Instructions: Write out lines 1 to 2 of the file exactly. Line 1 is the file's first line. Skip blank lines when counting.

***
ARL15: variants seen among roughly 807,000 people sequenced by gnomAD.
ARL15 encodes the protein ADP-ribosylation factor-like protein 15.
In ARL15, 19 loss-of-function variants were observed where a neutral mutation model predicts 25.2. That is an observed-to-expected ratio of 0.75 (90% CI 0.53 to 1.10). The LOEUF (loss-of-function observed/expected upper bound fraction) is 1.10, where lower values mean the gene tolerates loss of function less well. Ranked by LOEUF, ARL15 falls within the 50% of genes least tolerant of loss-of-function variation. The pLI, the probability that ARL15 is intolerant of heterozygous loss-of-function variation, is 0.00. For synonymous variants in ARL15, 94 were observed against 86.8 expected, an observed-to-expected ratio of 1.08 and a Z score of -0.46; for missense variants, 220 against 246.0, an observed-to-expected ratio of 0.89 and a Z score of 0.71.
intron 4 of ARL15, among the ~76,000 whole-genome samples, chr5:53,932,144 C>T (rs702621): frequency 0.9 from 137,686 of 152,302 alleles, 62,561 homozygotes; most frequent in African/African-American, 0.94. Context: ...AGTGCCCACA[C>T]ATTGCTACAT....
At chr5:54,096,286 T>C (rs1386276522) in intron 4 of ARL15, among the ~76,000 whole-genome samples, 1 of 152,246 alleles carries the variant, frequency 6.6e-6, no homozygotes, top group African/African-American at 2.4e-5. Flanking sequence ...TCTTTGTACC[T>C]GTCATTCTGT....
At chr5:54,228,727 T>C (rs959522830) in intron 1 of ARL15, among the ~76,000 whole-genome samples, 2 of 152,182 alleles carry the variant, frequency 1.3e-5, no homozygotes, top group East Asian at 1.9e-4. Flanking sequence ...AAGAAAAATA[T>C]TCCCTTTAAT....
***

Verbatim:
ARL15: variants seen among roughly 807,000 people sequenced by gnomAD.
ARL15 encodes the protein ADP-ribosylation factor-like protein 15.